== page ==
The uncle of Syrian President Bashar al-Assad avoided court on Monday with the 82-year-old’s lawyers saying he was too ill to attend his trial.
Rifaat al-Assad is facing charges of illegally using Syrian state resources to build a French property empire.
“His doctors have recommended that he avoids all stressful situations,” lawyer Pierre Cornut-Gentille told the court in Paris, the French capital.
Dubbed the “Butcher of Hama” for allegedly commanding troops that put down an uprising in central Syria in 1982, Rifaat al-Assad has been under investigation in France since 2014.
This year, an investigating magistrate ordered he stand trial on charges of organised money laundering related to his 90 million euro ($99.5m) property portfolio in France.
Rifaat is the younger brother of former president Hafez al-Assad, the current president’s father. The trial is scheduled to last until December 18.
It concerns crimes allegedly committed between 1984 and 2016, including aggravated tax fraud and misappropriation of Syrian funds.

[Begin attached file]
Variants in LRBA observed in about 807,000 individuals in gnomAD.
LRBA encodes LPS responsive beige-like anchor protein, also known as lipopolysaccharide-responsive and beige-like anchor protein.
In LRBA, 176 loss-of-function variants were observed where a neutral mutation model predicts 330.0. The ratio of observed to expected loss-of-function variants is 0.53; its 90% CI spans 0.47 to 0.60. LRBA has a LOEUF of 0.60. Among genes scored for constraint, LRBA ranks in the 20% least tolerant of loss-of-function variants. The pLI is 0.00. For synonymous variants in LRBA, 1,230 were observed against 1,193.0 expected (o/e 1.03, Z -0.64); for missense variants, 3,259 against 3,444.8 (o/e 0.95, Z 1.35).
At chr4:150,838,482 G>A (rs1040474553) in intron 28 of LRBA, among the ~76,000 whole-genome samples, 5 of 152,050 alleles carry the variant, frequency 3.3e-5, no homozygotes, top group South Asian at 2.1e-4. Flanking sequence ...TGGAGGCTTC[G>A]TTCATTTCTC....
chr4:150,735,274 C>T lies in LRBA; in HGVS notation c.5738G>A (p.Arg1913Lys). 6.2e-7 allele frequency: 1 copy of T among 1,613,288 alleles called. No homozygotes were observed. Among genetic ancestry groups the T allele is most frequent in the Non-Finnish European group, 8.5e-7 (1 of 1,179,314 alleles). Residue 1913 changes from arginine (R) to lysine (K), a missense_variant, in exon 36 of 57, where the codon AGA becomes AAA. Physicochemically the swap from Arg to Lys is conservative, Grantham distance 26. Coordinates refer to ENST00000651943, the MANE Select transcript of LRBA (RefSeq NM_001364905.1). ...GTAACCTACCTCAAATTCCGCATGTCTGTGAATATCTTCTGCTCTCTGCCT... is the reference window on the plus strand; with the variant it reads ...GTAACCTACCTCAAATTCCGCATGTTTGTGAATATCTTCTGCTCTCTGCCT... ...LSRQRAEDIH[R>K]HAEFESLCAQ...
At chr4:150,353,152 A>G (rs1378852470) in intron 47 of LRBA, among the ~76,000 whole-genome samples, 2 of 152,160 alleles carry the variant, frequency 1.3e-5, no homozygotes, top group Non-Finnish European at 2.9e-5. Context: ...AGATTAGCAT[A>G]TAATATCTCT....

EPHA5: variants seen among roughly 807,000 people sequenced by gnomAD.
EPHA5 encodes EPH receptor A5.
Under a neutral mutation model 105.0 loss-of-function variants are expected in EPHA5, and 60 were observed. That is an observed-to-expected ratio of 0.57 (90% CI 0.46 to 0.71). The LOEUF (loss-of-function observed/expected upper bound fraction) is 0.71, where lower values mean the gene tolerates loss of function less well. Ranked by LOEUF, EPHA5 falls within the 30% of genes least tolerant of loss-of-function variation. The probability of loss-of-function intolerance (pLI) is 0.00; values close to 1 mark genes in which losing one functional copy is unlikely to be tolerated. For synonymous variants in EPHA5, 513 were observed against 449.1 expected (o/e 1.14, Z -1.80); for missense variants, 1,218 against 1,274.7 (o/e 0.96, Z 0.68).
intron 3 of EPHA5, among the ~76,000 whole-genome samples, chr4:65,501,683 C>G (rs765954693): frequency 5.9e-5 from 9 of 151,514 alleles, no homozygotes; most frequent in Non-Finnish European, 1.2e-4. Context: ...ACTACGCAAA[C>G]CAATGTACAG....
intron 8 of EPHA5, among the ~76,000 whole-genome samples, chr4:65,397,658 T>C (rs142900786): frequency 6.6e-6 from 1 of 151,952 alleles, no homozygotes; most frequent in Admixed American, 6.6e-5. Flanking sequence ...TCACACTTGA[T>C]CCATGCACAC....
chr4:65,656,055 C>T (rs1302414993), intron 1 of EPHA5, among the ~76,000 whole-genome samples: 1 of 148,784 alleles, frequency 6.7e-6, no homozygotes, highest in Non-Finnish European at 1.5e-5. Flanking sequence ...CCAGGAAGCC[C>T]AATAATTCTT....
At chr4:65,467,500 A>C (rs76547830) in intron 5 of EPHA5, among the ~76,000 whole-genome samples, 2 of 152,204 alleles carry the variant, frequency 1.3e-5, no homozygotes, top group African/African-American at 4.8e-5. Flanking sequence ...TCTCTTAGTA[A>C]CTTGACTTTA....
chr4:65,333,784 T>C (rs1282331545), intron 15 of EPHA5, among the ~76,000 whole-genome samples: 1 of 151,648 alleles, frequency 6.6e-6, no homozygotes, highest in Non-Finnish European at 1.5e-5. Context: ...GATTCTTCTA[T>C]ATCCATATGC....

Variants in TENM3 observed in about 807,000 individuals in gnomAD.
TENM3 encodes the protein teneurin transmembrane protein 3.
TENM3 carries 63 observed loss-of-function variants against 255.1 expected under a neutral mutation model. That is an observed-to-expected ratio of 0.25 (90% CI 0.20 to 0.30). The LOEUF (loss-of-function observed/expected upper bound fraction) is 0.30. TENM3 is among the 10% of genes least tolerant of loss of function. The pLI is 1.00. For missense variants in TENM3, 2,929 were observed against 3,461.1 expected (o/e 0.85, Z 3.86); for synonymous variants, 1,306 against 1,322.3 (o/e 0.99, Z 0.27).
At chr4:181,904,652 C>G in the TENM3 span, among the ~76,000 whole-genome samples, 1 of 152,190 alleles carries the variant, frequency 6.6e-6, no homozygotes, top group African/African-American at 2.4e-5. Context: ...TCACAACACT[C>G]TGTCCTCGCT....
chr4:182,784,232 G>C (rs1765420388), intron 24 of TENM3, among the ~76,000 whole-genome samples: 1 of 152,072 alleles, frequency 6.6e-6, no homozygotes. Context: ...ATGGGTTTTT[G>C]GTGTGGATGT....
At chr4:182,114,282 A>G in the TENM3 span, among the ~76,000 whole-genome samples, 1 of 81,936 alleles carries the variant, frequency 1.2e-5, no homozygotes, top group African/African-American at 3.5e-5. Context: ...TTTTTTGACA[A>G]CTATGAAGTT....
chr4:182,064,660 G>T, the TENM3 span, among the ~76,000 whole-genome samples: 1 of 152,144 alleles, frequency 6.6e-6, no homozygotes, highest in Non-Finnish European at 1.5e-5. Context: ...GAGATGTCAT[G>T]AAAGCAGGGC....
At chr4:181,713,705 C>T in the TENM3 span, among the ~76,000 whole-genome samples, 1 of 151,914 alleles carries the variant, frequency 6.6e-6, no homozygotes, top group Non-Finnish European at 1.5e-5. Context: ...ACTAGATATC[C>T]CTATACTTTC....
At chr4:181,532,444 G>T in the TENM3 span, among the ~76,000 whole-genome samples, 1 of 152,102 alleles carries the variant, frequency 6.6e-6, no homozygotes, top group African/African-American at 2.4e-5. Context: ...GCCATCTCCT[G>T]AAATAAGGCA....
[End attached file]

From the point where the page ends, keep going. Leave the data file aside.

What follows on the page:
Assad, who splits his time between France and Britain, denies the charges.
Formerly Syria’s vice president, Assad left his home country in 1984 after mounting a failed coup against his brother Hafez, who led Syria from 1971 to 2000.
After he arrived in Europe, Rifaat al-Assad’s lavish lifestyle, four wives, and 16 children soon raised eyebrows.
His reported French fortune includes two Paris townhouses, one measuring 3,000 square metres (32,000 square feet), as well as a stud farm, a chateau and 7,300 square metres (78,600 square feet) of office space in Lyon.
He and his family also built up a huge portfolio of 507 properties in Spain, valued at around $770m, Spanish legal documents show. All his properties in that country were seized by the authorities in 2017.
Assad has maintained that his lifestyle was made possible by gifts from the Saudi royal family that amounted to more than a million dollars per month.
But despite documents from Assad’s lawyers meant to justify gifts of almost $25m between 1984 and 2010, French investigators registered transfers of only $10m from Saudi Arabia.
This is only the second trial of a foreign dignitary in France on charges related to “ill-gotten gains”.
The first, Equatorial Guinea vice president Teodorin Obiang, received a three-year suspended jail term in October 2017 after being convicted of using public money to fund a jet-set lifestyle in Paris.